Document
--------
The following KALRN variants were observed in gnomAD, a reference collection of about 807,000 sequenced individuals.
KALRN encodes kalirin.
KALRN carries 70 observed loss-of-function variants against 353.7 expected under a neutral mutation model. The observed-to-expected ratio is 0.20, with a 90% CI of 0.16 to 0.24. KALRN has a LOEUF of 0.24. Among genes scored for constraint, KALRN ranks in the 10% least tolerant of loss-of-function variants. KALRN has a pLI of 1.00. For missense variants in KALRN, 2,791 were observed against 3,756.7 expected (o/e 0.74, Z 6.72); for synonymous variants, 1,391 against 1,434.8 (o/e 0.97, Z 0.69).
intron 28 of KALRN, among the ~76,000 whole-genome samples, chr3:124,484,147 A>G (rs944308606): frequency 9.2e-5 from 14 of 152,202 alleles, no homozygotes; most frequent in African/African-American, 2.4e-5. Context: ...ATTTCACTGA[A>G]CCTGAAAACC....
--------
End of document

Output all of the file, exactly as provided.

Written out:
The following KALRN variants were observed in gnomAD, a reference collection of about 807,000 sequenced individuals.
KALRN encodes kalirin.
KALRN carries 70 observed loss-of-function variants against 353.7 expected under a neutral mutation model. The observed-to-expected ratio is 0.20, with a 90% CI of 0.16 to 0.24. KALRN has a LOEUF of 0.24. Among genes scored for constraint, KALRN ranks in the 10% least tolerant of loss-of-function variants. KALRN has a pLI of 1.00. For missense variants in KALRN, 2,791 were observed against 3,756.7 expected (o/e 0.74, Z 6.72); for synonymous variants, 1,391 against 1,434.8 (o/e 0.97, Z 0.69).
intron 28 of KALRN, among the ~76,000 whole-genome samples, chr3:124,484,147 A>G (rs944308606): frequency 9.2e-5 from 14 of 152,202 alleles, no homozygotes; most frequent in African/African-American, 2.4e-5. Context: ...ATTTCACTGA[A>G]CCTGAAAACC....